Thomas Jefferson’s legacy is much admired in the US and beyond, and for good reason. Without his contributions it’s hard to imagine how the American system of “democracy” would have evolved.
I’ve always admired him a great deal, too, although for somewhat different reasons than most. Yes, he was critical to the development of democracy, but what was so brilliant about this is that democracy is arguably the cleverest tool for the oppression of the masses ever devised.
This assertion no doubt comes as something of a shock to The Average American, who tends to get all sniffly about the majesty of his “freedoms” every 4th of July as he sits in his local park watching pretty explosions in the sky and listening to the facile, self-deluded patriotism of Lee Greenwood yowling from the PA. I won’t get into the minutiae of the things the poor sap is free to do (short version: shut up and buy what you’re told), nor will I waste your time with a laundry list of the things his community could better spend the fireworks budget on, lest I risk being branded a “liberal,” a charge which would compel me to waste a half-hour rolling on the floor with a crippling fit of laughter.
Like a good many other things I can think of, The Average American is wrong on this point. The unfortunate fact is that, Horatio Alger fantasies notwithstanding, America is like every other culture in history in a number of important ways. It has distinct and powerful class structures and the ability to climb the economic and social ladder is a far rarer thing than most imagine. Further, people in America are more like people everywhere else than they’d like to admit – those that have wealth, power and influence are strongly predisposed toward keeping it, and wealth, power and influence are precisely the resources needed to maintain the status quo. No one gives away advantage, although the smart “have-more” makes a grand show of appearing to do so on occasion. It’s a marvel that a culture will credit the existence of self-interest when it seems ennobling and then pretend that its dark side doesn’t exist, especially in the face of so much evidence.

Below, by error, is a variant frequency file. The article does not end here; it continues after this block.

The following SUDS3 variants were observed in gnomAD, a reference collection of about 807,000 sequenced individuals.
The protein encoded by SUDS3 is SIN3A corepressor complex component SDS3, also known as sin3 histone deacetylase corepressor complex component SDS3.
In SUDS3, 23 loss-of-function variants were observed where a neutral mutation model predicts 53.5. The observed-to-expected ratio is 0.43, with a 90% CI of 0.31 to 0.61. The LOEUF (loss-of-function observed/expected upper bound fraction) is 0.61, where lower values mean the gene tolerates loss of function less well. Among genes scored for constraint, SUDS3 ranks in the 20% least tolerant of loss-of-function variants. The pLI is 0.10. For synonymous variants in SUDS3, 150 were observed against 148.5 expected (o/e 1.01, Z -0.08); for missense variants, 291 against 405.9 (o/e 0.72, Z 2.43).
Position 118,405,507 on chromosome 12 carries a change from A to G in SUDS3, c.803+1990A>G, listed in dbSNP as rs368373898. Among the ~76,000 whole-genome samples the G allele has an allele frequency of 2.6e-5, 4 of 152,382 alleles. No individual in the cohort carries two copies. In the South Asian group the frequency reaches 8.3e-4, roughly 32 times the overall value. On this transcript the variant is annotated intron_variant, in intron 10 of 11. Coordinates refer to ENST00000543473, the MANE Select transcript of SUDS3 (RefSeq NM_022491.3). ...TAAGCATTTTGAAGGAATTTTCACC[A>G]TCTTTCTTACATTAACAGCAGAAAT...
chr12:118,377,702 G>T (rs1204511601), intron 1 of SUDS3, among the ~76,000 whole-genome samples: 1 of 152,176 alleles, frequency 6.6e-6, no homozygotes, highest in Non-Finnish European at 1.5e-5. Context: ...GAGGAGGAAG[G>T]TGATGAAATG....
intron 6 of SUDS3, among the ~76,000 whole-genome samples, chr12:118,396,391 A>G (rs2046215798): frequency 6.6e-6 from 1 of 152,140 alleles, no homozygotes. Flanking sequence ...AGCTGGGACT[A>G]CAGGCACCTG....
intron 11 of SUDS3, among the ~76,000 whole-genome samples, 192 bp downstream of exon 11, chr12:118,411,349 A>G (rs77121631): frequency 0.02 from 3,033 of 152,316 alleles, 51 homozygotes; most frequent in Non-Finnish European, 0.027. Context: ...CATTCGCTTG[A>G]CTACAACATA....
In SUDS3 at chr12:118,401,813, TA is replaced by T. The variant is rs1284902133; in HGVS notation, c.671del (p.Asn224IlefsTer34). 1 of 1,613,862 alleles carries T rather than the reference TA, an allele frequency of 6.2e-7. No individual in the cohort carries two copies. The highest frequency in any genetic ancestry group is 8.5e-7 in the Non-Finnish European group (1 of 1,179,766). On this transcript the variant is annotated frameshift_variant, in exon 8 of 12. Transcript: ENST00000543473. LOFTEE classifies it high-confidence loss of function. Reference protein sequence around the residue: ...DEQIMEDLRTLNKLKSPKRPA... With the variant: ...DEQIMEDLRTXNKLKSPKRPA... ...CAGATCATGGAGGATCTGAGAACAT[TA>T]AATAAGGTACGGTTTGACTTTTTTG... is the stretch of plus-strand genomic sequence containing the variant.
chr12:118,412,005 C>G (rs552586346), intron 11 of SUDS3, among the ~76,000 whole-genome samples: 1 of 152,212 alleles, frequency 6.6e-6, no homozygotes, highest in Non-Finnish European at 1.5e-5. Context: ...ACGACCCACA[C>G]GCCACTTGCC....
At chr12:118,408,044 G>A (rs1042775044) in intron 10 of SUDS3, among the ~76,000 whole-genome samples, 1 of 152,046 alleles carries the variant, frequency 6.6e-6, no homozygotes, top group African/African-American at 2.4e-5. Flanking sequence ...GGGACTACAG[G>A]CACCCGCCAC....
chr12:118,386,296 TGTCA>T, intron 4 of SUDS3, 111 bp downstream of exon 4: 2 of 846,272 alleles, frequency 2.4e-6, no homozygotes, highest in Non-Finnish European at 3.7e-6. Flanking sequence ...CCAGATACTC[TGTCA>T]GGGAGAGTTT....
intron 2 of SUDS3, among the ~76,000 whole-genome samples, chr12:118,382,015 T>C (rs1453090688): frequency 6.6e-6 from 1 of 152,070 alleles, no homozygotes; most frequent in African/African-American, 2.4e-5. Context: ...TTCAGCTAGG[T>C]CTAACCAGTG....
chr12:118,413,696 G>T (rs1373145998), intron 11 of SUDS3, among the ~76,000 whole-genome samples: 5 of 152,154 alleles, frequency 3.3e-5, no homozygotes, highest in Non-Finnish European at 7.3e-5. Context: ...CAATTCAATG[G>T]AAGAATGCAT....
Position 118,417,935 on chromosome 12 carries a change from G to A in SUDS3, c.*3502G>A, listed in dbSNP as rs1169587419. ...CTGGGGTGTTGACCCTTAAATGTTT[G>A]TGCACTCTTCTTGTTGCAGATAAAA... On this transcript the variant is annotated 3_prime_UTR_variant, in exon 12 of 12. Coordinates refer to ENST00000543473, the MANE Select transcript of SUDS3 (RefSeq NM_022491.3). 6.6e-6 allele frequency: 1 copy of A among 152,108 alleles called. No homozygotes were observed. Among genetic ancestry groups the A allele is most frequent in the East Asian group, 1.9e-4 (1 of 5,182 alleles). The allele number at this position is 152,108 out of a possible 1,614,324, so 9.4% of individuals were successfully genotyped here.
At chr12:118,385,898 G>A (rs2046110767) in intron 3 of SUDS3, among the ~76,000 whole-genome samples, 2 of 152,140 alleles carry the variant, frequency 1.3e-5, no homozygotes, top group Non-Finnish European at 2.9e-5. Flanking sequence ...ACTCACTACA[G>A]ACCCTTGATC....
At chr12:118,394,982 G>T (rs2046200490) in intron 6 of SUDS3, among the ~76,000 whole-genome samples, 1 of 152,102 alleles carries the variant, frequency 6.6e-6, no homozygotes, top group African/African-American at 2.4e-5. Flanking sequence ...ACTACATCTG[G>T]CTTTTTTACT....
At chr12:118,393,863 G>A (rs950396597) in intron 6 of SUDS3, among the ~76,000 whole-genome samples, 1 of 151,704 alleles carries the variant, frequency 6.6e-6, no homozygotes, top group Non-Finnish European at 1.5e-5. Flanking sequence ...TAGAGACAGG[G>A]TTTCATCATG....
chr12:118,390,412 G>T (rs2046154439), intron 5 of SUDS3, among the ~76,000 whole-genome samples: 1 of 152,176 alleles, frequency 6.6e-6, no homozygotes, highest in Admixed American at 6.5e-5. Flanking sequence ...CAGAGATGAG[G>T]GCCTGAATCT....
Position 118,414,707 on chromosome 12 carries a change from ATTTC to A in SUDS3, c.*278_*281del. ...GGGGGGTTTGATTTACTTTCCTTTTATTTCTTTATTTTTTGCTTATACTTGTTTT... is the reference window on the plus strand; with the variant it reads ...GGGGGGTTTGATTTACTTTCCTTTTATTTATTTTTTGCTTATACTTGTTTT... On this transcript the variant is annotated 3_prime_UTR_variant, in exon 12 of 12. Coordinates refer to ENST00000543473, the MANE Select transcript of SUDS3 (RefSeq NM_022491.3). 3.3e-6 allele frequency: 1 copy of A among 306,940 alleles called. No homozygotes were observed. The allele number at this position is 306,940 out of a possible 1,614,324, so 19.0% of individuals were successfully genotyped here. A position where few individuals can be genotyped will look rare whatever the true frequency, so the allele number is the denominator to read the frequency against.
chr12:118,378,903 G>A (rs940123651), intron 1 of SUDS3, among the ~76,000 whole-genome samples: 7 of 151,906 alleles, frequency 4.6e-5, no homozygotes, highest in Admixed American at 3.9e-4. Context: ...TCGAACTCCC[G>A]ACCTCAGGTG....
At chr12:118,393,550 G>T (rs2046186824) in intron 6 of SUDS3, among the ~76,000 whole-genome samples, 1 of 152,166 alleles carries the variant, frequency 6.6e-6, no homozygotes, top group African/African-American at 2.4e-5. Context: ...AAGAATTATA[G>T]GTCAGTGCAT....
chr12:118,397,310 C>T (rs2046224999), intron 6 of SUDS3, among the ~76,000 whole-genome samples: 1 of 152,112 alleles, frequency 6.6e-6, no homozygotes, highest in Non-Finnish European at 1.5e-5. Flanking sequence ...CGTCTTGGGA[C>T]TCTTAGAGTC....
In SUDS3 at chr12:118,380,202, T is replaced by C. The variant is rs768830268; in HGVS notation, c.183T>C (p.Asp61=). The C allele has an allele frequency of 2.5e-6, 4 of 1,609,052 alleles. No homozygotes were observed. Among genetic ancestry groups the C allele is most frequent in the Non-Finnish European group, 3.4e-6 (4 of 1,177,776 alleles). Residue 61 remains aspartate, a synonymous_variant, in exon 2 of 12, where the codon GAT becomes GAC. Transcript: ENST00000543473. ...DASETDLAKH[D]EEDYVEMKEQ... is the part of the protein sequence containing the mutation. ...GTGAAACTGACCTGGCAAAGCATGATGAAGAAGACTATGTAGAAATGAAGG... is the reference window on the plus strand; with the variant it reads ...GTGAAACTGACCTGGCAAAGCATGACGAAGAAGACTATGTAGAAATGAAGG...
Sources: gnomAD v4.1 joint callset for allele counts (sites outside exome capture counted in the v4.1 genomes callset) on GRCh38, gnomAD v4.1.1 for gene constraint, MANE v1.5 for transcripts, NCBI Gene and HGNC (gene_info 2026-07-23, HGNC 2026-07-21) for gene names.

The genius of Jefferson’s vision (well, part of the genius, anyway; it’s genius from one end to the other) is in its ability to make those class distinctions more or less invisible to the rabble. Overt markers were eschewed (no kings, dukes, etc.) and a great fuss was made over the idea that any man could rise in station according to his ability and willingness to work (a myth gleefully propagated by the Church), all of which made the playing field seem far more level than it actually was (and is). When you factor in the fact that The Average American will see the one-in-ten-million exception and convince himself that it’s the rule (hope triumphs over the intellect, especially in anti-intellectual societies – again, kudos to the Church), there’s really very little left for the would-be overlord to do except count his money.